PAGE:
|Gills Lap Ashdown Forest|
Books and other documents
|Published||Title, author and references|
|1902||Historical Notes of Withyham, Hartfield and Ashdown Forest by C. N. Sutton ⇒ p. 376|
|1927||The Sussex Highlands ⇒ p. 26|
|c 1875||Part of the 6 inch to 1 mile map of Sussex produced in 1875 by Ordnance Survey||Gills Lap|
|1890||History||Gill's Lap||Firmin's Guide|
We will next pay a visit to Gill's Lap, where is a clump of fir trees frequently resorted to by picnic parties during the summer, though the view from it is not equal to what may be seen from other parts of the forest. Its notoriety, as the spot upon which a murder was committed more than 100 years ago, is, perhaps, the attraction.
In a tale entitled Gill's Lap is given an in-teresting account of the trial of a youth for this murder. The strong circumstantial evidence produced and the providential rescue of the accused from the sentence of death by the timely, though unexpected, appearance of a favourable witness, are dramatically related.
The shortest route is through the Warren, but we will go by the public road.
Our way is over the Beacon Hill and across the Common, following the road past the Crow and Gate Inn, which is incidentally mentioned in the tale of Gill's Lap. A little way beyond this inn the pedestrian may cut short the distance by going over the forest-waste to the Duddleswell Road, but our course is by the carriageway road. We soon come to a part of the road which is sheltered by the trees growing on both sides of it. The branches almost meeting overhead form a canopy, giving the roadway the appearance of an avenue. On the left we pass Heron's Ghyll, the residence of the late Dowager Duchess of Norfolk, and then a Roman Catholic chapel. Further on, a road turns sharply to the right; this leads us down a rather steep descent to Old Land, where years ago a Roman settlement was discovered, and where ironworks were carried on. Beyond this we reach the little hamlet of Fairwarp, and are soon in the Duddleswell Road. Turning up this road to the right we ascend for a considerable distance until we arrive at a signpost which points to Hartfield; we take this road on the left, and some little way beyond will be seen a circular clump of fir trees above the road. This is the spot known as Gill's Lap.
We may continue on to Hartfield, and through Withyham and Lye Green back to the Cross. But this is a long way round. So retracing our steps as far as the Duddleswell Road we will turn to the left and proceed on as far as Greenwood Gate on the right This is one of the entrances to the Warren, but on payment of 1s. for the carriage to pass through the gate we may have a delightful drive through this estate, and descending into the valley and up the opposite hill will arrive at the Beacon Road again. If we have no desire to pass through the Warren we can continue on the Duddleswell Road, over Church Hill, and by Mardens Hill to Crowborough town, and thence to the Cross.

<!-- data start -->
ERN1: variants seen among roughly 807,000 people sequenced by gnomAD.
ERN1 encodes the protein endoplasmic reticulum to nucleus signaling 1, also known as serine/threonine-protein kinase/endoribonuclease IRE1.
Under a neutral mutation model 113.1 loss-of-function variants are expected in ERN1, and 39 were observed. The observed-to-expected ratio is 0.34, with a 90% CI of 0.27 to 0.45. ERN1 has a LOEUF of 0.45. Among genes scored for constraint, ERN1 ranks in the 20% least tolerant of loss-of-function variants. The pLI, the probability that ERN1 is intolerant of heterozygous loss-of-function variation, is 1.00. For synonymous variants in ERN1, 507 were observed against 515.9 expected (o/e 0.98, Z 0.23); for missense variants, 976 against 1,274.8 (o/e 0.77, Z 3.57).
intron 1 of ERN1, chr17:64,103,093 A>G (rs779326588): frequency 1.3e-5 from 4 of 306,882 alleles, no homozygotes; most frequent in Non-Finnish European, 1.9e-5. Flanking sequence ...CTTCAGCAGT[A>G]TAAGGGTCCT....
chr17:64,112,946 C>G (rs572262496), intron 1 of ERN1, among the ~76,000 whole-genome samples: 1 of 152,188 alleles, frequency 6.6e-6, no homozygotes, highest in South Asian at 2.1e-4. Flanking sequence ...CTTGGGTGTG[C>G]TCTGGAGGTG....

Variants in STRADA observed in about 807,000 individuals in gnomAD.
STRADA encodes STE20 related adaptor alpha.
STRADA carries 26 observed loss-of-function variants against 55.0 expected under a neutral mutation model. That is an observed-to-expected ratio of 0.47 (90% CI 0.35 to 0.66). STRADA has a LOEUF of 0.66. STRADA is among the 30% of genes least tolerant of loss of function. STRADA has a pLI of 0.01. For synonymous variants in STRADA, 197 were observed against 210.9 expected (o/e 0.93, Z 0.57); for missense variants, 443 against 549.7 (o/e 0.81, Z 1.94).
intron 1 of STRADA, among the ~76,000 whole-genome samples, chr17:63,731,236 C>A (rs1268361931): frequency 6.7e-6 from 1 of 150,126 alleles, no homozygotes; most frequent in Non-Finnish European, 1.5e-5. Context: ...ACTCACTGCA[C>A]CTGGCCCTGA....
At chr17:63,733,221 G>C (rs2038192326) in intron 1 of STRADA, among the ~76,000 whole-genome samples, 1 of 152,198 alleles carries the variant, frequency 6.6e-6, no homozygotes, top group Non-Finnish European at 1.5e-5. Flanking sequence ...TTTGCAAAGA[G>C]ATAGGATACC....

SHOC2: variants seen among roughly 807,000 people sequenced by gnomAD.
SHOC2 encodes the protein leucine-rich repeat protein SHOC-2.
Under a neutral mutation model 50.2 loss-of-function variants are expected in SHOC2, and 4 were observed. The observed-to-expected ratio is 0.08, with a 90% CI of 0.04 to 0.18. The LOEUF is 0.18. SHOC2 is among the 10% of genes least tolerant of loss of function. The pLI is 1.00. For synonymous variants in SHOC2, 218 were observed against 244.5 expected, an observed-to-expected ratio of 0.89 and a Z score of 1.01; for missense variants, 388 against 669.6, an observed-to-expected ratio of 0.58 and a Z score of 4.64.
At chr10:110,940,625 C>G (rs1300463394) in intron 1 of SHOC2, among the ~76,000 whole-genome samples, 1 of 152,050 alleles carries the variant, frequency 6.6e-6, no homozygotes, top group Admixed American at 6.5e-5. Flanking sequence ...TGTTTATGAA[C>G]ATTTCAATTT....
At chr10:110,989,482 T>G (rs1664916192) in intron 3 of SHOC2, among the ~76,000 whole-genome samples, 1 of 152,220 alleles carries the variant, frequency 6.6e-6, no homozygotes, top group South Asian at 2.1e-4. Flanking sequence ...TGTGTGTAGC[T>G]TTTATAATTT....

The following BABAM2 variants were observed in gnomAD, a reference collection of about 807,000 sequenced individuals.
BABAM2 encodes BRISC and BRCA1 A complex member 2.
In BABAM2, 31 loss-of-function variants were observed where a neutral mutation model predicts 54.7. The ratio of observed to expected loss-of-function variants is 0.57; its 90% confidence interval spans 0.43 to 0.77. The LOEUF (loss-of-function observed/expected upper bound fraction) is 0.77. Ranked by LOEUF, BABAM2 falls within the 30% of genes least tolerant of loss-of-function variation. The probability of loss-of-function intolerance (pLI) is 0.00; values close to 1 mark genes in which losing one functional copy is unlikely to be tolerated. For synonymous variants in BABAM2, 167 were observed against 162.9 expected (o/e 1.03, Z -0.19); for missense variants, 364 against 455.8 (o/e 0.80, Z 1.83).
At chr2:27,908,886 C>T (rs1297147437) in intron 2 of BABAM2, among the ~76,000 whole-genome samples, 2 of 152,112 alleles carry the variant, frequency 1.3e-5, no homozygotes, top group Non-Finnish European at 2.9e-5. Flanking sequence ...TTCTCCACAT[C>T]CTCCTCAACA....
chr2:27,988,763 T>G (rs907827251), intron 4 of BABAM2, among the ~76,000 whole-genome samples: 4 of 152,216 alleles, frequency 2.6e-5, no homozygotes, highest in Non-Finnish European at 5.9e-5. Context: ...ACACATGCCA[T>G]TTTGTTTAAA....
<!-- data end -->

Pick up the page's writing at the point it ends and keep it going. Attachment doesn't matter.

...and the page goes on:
|c 1899||Part of the 6 inch to 1 mile map of Sussex produced in 1899 by Ordnance Survey||Gills Lap|
|1904||Reflections||Gill's Lap||Highways & Byways|
Between Withyham and Hartfield in the north, and Crowborough Beacon and Wytch Cross in the south, is some of the finest open country in Sussex, where one may walk for hours and meet no human creature. Here are silent desolate woods - the Five Hundred Acre Wood, under Crowborough, chief of them - and vast wastes of undulating heath, rising here and there to great heights crowned with fir trees, as at Gill's Lap. A few enclosed estates interrupt the forest's open freedom, but nothing can tame it. Sombre dark heather gives the prevailing note, but between Old Lodge and Pippinford Park I once came upon a green and luxuriant valley that would not have been out of place in Tyrol; while there is a field near Chuck Hatch where in April one may see more dancing daffodils than ever Wordsworth did.
|c 1920||Newbridge Mill, Colemans Hatch and Gills Lap, Ashdown Forest photographed by Francis Frith||Gills Lap||Private collection|
|1924||Gill's Lap, Ashdown Forest||Private collection|
|c 1925||Gills Lap, Ashdown Forest||Private collection|
|1927||The Roundel of Firs at Gills Lap, Ashdown Forest photographed by A.H. Stickells||Ambrose Henry Bensley Stickells||The Sussex Highlands|
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